Celebrating Modern Jewish Living Through Food, Tradition, and Family
Our classic roast turkey with gravy has everything! Our easy, foolproof recipe delivers a scrumptious, elegant meal every time.
The Backstory: Does Thanksgiving roast turkey even need a backstory? I didn’t think so either! More of the Backstory after the recipe…
Classic Roast Turkey with Gravy
For the Turkey
- 1 12 pound fresh Kosher turkey or fully thawed frozen turkey
- 1+ cup Kosher chicken stock or canned low salt chicken broth for basting
- 1 orange large
- 4 tbsp. melted margarine
- 2 tbsp. oil
- 1 yellow onion medium, cut in quarters
- 1 bunch fresh thyme
- Kosher salt
- freshly ground black pepper
- 1 tsp. paprika
- kitchen twine
For the Gravy
- 2 cups Kosher chicken stock or canned low salt chicken broth
- 1/2 cup all-purpose flour
Preheat oven to 350 degrees.
Remove giblets from turkey and thoroughly wash turkey inside and out, removing any excess fat and feathers. Pat the outside dry with paper towels.
Place turkey in a large roasting pan and generously salt and pepper the bird inside and out. Slice orange in half and fill the cavity with the orange, onion and thyme.
Mix melted margarine, oil and paprika and brush the outside of the turkey. Sprinkle with salt and pepper.
Tie turkey legs together with twine and tuck the wings under the turkey.
Roast Turkey uncovered for 2 1/2 hours, basting occasionally with its own juices. I like to pour a little chicken stock over the turkey once or twice during the cooking process when I baste (no more than a 1/4 cup) at a time, to create more gravy for later but you can omit this step if you choose.
The turkey is done when the temperature reaches 165 degrees on a meat thermometer when placed in the breast, or 180 degrees in the thigh.
Remove turkey from pan and let it rest on a cutting board for 15 -20 minutes, covered lightly in foil, before slicing. Serve with pan juices.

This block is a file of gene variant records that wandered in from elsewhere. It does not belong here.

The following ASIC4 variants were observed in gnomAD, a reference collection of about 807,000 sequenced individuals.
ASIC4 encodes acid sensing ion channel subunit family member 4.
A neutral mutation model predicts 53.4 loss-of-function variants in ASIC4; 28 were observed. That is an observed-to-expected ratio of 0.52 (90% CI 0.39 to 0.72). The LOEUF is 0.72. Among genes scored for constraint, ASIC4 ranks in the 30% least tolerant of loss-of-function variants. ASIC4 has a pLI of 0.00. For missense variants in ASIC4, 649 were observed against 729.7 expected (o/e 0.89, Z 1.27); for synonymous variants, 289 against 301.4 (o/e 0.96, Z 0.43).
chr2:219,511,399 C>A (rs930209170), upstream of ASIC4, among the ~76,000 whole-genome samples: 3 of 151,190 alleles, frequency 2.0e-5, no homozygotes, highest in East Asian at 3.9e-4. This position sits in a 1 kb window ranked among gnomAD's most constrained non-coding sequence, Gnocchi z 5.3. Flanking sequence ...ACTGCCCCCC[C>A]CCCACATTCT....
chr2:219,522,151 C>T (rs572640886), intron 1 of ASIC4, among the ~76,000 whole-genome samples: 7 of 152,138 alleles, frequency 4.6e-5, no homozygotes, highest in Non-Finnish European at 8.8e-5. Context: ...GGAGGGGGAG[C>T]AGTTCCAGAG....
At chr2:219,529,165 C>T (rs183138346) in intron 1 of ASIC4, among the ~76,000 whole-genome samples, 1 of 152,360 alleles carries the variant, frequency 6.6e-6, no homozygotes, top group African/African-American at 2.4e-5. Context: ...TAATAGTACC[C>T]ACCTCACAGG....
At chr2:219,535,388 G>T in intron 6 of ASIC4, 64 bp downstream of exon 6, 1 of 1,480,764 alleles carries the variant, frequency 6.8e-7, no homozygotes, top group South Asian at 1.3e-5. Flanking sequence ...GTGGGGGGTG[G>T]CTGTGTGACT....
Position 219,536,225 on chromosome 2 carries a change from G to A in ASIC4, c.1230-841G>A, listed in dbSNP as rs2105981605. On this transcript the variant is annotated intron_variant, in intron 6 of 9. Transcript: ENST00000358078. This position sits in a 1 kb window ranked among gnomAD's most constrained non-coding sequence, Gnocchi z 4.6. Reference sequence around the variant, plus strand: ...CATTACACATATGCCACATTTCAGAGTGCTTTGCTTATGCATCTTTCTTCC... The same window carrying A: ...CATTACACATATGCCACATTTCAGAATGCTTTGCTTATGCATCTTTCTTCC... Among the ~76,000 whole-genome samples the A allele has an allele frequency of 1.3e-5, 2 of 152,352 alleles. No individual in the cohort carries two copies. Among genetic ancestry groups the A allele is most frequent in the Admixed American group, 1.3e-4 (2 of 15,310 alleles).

To Make a Thick Gravy
While the turkey is resting, place roasting pan across two stove burners on mdeium-high heat. Using a wooden spoon, stir the pan juices and brown bits on the bottom of the pan for about 8 minutes, until liquid thickens.
Add flour and cook for 1 minute until well blended. Slowly whisk in stock and bring to a simmer, stirring occasionally. Taste to make sure gravy does not taste too floury. If necessary, add water, 1/4 cup at a time, to thin gravy. Season with salt and pepper to taste.
That said, everyone has their own special way of spiffing up the star of this fabulous holiday meal, and to tell you the truth, I prefer my roast turkey with a simple preparation. I’ve tried so many different glazes, stuffings, and brines over the years but I keep coming back to the recipe you see here. I have a thing for oranges (all citrus, actually) and love the subtle zing it gives when combined with the thyme and the onion. I’m also partial to a very-well seasoned and crisp skin (and the paprika gives it a beautiful flavor and color), and you’ll definitely get that here.
…The Backstory continues: It’s worth noting that it’s extremely easy to under-season a turkey because of its sheer size–anyone can be afraid too use the amount of salt and pepper you truly do need to properly season it before cooking. Don’t be afraid to use a little extra–a good 12-14 pound bird needs more than your standard roast chicken, so now’s not the time to just sprinkle a little salt and pepper and hope it does the trick. Season well–inside and out.
This recipe makes a delicious pan juice and you can absolutely serve the turkey as is, with those gorgeous juices. I prefer to make the thicker gravy (as my family favors the whole gravy-in-the-middle-of-the-potatoes-thing), and so I take the extra few steps to make the thicker gravy (recipe below) while the turkey is resting after it comes out of the oven.
Either way, this is a classic, easy-to-prepare, and delicious recipe that you can turn to year after year for a delectable roast turkey that will wow your guests and anchor your holiday meal.